The poetry the Greeks had was very different than the poetry the Romans had.  The poetry of the Romans was very different from that of the Anglo-Saxons.  The poetry of  the Norman-French was different from that of the emerging middle-english, and so on.  A good case can be made that the contempt of people today who write "formal" verse directed toward those who write "free verse" is no different than that expressed across any of these other cultural gulfs.  Two  exceptions apply.  The contempt is slightly more distasteful because we have to deal with it.  And, contradicting myself in virtually the same breath, because there is an even more awesome gulf opening between practitioners of "other kinds of verse and "L-A-N-G-U-A-G-E POETRY."

     The original Greek poetry was bardic.  It was oral.  It was in meter to be accompanied by music as an aide memoire.  It was memorized verse, and it wasn't written down for hundreds of years.  Homer was like that.

     Think of the revolution between poetry that was composed out loud and memorized, and revised by endless recitation into some sort of final form and poetry that was written down.  Can you image the mud-slinging that went along with that shift?  People who didn't have a muse inside them to guide them versus the improvisers, who did?  or the people with a decent memory versus those who needed a crib sheet?  HA!

     By the time a Latin literature started to develop, there was a similar pool of bad blood there too.  Essorant, you're far more scholar than I am.  You'd be the first to tell me where the word Barbarian came from.  You know what an inferiority complex the Romans had about Greek poetry, and how every Roman with pretensions to culture and to poetry had to be fluent.  And how that still wasn't enough.  It took centuries before Latin had a respectable literature (in its own eyes) of its own.

     The same thing has happened at every cultural turn and twist, when a language has emerged or reinvented itself.  This contempt for the future is tired and predictable.  In time, all these past movements get clumped together into one revered mass called the tradition.  The new one will eventually be added to it.  The contempt in the meantime is sad and tired, and it's been going on for thousands of years to no good point.

    
Huan Yi
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72 posted 02-04-2008 07:11 PM       View Profile for Huan Yi   Email Huan Yi   Edit/Delete Message      Find Poems  View IP for Huan Yi

,

“What is truth?”

Pontius Pilate


“Archaeology is the search for fact... not truth. If it's truth you're looking for, Dr. Tyree's philosophy class is right down the hall.”

Indiana Jones


"Quick definitions (truth)

noun:   a fact that has been verified "

Quick definitions (fact)

noun:   a concept whose truth can be proved


.
Stephanos
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73 posted 02-04-2008 07:21 PM       View Profile for Stephanos   Email Stephanos   Edit/Delete Message      Find Poems   Click to visit Stephanos's Home Page   View IP for Stephanos

hmmm... I wonder if an older wiser Indy would concede that Philosophy has been most concerned in recent centuries with convincing itself (like Pilate) that there is no such thing as truth.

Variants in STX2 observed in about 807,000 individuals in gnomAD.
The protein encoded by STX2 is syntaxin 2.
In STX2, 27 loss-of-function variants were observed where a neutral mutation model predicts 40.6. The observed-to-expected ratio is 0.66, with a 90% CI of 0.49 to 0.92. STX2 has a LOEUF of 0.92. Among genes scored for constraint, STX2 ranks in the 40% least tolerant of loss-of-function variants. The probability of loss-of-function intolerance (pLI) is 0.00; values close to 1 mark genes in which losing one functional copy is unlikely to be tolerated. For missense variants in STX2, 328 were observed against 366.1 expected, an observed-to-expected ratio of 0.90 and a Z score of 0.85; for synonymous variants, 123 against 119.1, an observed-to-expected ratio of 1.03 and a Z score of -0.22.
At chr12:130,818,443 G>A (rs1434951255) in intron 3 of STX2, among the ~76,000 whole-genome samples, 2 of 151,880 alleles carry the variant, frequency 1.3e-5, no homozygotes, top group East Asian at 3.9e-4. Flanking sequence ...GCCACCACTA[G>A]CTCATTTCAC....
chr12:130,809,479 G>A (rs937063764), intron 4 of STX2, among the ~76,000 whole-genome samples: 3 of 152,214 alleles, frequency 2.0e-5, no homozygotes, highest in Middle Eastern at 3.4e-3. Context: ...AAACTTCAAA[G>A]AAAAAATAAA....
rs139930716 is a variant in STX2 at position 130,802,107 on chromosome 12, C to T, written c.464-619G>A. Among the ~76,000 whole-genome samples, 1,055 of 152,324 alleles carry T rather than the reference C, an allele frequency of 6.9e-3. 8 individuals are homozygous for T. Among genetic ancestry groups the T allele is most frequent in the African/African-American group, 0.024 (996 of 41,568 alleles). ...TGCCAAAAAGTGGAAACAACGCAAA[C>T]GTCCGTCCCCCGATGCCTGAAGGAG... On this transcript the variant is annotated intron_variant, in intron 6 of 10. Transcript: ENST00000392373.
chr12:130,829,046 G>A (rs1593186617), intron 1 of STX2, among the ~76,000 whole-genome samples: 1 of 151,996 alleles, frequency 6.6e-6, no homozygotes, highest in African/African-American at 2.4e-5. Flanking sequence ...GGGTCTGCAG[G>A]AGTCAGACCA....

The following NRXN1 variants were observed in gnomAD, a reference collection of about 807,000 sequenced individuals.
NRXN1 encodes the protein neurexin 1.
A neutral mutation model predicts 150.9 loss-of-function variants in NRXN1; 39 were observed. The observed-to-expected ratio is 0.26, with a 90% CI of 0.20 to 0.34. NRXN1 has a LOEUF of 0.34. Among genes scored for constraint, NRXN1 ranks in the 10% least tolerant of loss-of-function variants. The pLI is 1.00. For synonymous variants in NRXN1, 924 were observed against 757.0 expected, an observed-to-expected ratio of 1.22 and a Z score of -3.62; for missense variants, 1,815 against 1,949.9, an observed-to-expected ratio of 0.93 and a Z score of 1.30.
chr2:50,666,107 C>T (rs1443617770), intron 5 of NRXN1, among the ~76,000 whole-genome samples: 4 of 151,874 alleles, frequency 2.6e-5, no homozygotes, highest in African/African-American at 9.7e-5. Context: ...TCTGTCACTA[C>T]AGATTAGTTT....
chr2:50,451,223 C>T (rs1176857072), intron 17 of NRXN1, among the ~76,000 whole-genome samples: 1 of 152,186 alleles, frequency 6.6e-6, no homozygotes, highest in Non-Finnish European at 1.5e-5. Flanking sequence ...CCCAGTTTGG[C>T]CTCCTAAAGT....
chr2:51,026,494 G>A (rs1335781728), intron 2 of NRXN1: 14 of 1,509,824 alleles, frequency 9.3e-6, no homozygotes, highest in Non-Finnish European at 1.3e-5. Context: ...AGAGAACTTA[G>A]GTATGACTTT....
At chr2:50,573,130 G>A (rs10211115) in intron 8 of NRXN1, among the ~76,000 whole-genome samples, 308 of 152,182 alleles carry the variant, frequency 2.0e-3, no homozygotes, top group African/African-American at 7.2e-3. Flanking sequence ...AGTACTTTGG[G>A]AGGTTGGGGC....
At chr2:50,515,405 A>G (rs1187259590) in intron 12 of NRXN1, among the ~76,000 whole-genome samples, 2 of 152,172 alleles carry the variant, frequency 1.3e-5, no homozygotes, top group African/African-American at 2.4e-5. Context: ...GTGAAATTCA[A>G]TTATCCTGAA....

Did you know that there's yet another Indiana Jones movie coming out, with Harrison Ford?

Does he have a walker or a cane in this one?  

Bob K
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74 posted 02-08-2008 10:30 PM       View Profile for Bob K   Email Bob K   Edit/Delete Message      Find Poems  View IP for Bob K

Dear Stephanos,

           I can't really say what modern philosophy is about.  I'm trying to get through stuff about parrhesia by Foucault which is interesting, but its take on truth has to do with truth spoken against power.  Truth spoken in a democracy, as I understand it, may not even be a matter of discussion, though it does have some glancing relation to concepts of "logos."  We always seem to go back to roots in order to get ahead, I've noticed.  I think sometimes, we need to check our feet are still firmly rooted before we allow our heads to do any wandering.

     Linguistic philosophy is not necessary a way of avoiding the notion of truth, though.  It's a way of approaching truth that I've never been entirely certain I've understood.

     I do like the notion of performative language:  That is, language that is an action.  The whole sticks and stones business goes out the window, where I suspect it's always belonged.  The prototypical situation for a piece of performative speech is in the marriage ceremony, where either of the two celebrants says "I do."  That single sentence changes everything about the lives of both parties forever.  Language as action.  Or oath taking is another situation of the same sort.  When one says," I so swear," reality is in that moment changed.

     A case can probably be made for language being the arena for the functioning of the performative, and that this is one of the reasons for the depth of meaning in the word "Logos."

     My understanding is that modern philosophy is ill-served by your description of it.  I believe in a similar fashion, however, that a decent examination of religion has not been undertaken by modern philosophy since Teilhard, though some theologians have tried.  Religion has been under-served and perhaps ill-served and has cause for complaint.

All my best, Bob K.